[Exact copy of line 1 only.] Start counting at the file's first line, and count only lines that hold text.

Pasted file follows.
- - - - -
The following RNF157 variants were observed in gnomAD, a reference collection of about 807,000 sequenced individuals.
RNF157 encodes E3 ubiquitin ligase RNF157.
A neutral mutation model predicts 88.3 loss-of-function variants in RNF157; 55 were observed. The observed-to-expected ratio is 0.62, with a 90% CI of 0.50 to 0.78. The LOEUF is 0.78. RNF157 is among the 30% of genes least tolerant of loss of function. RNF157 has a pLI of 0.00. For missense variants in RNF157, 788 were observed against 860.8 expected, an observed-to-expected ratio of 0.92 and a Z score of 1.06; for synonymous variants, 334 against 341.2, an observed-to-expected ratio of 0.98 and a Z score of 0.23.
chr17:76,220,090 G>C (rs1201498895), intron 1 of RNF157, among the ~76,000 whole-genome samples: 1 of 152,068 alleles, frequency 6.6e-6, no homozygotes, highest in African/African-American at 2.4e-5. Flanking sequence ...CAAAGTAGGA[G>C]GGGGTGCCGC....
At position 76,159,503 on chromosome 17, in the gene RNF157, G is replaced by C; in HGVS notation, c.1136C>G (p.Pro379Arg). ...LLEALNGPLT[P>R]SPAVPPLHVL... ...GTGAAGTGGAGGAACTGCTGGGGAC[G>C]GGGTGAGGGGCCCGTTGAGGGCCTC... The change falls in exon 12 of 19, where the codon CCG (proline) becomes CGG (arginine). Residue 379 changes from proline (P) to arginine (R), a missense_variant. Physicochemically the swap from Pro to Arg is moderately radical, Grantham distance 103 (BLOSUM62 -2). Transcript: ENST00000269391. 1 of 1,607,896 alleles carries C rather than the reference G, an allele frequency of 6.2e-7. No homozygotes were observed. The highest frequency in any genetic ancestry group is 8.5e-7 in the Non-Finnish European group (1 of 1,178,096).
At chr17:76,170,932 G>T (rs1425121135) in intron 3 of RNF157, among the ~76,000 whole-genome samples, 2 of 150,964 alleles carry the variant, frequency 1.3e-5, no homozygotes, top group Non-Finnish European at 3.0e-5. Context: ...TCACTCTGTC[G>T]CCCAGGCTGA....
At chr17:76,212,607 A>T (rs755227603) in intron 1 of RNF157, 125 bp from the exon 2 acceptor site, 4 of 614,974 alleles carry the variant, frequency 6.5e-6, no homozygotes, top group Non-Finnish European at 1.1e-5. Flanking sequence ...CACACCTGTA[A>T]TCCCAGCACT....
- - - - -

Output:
The following RNF157 variants were observed in gnomAD, a reference collection of about 807,000 sequenced individuals.